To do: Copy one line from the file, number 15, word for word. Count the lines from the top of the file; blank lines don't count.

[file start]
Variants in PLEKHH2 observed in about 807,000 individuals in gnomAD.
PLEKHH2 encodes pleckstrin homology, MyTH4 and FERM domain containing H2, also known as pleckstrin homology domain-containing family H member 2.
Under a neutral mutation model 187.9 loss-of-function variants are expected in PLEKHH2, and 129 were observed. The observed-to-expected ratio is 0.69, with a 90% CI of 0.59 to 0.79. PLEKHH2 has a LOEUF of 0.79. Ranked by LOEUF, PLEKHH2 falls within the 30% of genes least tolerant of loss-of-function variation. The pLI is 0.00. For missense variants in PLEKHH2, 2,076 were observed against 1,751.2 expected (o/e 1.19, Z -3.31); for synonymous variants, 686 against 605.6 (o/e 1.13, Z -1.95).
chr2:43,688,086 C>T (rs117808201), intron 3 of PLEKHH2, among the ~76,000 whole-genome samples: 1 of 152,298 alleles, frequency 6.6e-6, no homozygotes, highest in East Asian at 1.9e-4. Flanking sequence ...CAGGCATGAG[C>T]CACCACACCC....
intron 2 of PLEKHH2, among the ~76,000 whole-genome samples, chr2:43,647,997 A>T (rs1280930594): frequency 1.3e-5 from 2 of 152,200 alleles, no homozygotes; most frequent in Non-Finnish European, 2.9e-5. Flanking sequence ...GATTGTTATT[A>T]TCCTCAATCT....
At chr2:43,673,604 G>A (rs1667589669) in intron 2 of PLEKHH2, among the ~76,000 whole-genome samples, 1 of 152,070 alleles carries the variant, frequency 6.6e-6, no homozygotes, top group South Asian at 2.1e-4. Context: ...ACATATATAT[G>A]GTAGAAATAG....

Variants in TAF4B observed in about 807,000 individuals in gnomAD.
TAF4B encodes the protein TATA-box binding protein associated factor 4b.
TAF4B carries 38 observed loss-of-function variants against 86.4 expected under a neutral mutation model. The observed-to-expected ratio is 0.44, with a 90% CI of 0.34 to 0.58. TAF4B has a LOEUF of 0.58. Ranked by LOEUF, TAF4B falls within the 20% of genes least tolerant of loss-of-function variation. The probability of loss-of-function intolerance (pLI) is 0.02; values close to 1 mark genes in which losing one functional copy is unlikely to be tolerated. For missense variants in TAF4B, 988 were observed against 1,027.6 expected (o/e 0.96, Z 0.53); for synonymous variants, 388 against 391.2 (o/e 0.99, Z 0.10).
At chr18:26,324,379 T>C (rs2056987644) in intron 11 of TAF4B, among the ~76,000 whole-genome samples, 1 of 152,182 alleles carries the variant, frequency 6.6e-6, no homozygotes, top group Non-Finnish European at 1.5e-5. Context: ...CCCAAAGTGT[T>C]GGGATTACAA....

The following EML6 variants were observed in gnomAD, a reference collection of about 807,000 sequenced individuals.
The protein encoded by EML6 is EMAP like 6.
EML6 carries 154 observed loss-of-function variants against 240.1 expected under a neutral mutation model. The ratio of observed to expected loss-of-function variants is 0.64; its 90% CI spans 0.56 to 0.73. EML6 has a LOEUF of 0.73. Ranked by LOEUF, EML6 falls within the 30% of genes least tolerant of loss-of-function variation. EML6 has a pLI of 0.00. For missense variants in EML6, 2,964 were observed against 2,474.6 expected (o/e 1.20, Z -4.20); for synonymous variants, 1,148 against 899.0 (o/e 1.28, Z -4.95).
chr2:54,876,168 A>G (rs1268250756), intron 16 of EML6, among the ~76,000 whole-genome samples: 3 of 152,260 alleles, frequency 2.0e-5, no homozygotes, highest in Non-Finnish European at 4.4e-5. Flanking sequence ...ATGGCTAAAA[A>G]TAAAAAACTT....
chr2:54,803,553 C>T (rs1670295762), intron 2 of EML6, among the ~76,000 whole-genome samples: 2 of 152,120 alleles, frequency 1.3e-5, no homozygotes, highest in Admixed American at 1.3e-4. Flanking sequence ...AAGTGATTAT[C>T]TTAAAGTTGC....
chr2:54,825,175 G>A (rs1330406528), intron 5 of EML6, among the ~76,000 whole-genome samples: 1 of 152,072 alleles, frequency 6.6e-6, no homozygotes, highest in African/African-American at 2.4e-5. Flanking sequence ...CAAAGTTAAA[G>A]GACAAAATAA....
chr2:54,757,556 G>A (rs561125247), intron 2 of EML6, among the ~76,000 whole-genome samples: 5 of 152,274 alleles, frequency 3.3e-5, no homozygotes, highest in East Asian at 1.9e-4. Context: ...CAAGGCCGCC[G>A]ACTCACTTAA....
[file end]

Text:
chr2:54,803,553 C>T (rs1670295762), intron 2 of EML6, among the ~76,000 whole-genome samples: 2 of 152,120 alleles, frequency 1.3e-5, no homozygotes, highest in Admixed American at 1.3e-4. Flanking sequence ...AAGTGATTAT[C>T]TTAAAGTTGC....